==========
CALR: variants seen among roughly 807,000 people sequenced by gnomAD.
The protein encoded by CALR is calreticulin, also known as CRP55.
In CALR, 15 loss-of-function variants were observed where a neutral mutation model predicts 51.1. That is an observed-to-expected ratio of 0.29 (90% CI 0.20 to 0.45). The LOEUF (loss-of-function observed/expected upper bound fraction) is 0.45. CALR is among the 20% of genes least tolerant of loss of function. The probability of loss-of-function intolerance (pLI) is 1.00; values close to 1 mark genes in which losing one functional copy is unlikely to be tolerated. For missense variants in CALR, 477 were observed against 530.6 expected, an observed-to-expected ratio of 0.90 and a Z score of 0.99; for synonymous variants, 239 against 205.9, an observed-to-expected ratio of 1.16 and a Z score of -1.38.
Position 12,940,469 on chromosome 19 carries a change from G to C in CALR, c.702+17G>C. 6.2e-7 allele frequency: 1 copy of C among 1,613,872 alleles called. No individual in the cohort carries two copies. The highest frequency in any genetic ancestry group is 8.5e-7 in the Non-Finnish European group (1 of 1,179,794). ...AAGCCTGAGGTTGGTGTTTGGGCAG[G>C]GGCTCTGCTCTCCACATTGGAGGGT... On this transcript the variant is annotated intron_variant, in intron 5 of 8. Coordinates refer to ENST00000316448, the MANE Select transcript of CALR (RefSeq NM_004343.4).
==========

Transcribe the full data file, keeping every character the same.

CALR: variants seen among roughly 807,000 people sequenced by gnomAD.
The protein encoded by CALR is calreticulin, also known as CRP55.
In CALR, 15 loss-of-function variants were observed where a neutral mutation model predicts 51.1. That is an observed-to-expected ratio of 0.29 (90% CI 0.20 to 0.45). The LOEUF (loss-of-function observed/expected upper bound fraction) is 0.45. CALR is among the 20% of genes least tolerant of loss of function. The probability of loss-of-function intolerance (pLI) is 1.00; values close to 1 mark genes in which losing one functional copy is unlikely to be tolerated. For missense variants in CALR, 477 were observed against 530.6 expected, an observed-to-expected ratio of 0.90 and a Z score of 0.99; for synonymous variants, 239 against 205.9, an observed-to-expected ratio of 1.16 and a Z score of -1.38.
Position 12,940,469 on chromosome 19 carries a change from G to C in CALR, c.702+17G>C. 6.2e-7 allele frequency: 1 copy of C among 1,613,872 alleles called. No individual in the cohort carries two copies. The highest frequency in any genetic ancestry group is 8.5e-7 in the Non-Finnish European group (1 of 1,179,794). ...AAGCCTGAGGTTGGTGTTTGGGCAG[G>C]GGCTCTGCTCTCCACATTGGAGGGT... On this transcript the variant is annotated intron_variant, in intron 5 of 8. Coordinates refer to ENST00000316448, the MANE Select transcript of CALR (RefSeq NM_004343.4).